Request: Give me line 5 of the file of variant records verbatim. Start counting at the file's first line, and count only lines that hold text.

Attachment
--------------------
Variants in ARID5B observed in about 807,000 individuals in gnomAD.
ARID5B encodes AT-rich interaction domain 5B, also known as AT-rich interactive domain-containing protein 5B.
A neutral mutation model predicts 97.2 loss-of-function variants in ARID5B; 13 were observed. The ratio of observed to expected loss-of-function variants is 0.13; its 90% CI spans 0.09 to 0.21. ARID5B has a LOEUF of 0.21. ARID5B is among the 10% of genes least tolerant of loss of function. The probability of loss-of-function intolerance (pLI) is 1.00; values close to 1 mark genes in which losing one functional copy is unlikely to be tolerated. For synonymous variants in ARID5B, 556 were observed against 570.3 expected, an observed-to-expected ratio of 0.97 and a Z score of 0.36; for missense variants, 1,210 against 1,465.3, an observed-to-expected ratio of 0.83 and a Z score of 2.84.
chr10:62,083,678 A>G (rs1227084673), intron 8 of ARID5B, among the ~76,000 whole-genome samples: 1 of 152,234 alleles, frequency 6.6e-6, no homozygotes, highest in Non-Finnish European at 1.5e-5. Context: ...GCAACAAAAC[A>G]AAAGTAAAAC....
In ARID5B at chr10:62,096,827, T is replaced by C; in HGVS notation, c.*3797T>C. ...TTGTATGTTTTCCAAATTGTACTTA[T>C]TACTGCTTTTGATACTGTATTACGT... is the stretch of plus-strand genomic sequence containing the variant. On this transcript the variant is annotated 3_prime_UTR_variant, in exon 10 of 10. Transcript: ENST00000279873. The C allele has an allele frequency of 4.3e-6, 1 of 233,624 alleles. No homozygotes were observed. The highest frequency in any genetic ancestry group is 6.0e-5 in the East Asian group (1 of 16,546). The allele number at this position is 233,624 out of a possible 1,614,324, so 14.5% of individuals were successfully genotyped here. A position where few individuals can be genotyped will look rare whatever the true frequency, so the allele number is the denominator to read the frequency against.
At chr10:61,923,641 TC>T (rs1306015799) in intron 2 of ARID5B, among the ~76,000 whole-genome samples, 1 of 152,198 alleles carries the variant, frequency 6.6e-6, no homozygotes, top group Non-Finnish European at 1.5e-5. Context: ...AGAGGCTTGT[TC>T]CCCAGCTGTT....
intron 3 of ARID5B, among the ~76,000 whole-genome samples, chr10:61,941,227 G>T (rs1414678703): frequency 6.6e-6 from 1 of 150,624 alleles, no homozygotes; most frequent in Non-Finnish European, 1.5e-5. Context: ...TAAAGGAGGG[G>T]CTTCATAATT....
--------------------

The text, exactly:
In ARID5B at chr10:62,096,827, T is replaced by C; in HGVS notation, c.*3797T>C. ...TTGTATGTTTTCCAAATTGTACTTA[T>C]TACTGCTTTTGATACTGTATTACGT... is the stretch of plus-strand genomic sequence containing the variant. On this transcript the variant is annotated 3_prime_UTR_variant, in exon 10 of 10. Transcript: ENST00000279873. The C allele has an allele frequency of 4.3e-6, 1 of 233,624 alleles. No homozygotes were observed. The highest frequency in any genetic ancestry group is 6.0e-5 in the East Asian group (1 of 16,546). The allele number at this position is 233,624 out of a possible 1,614,324, so 14.5% of individuals were successfully genotyped here. A position where few individuals can be genotyped will look rare whatever the true frequency, so the allele number is the denominator to read the frequency against.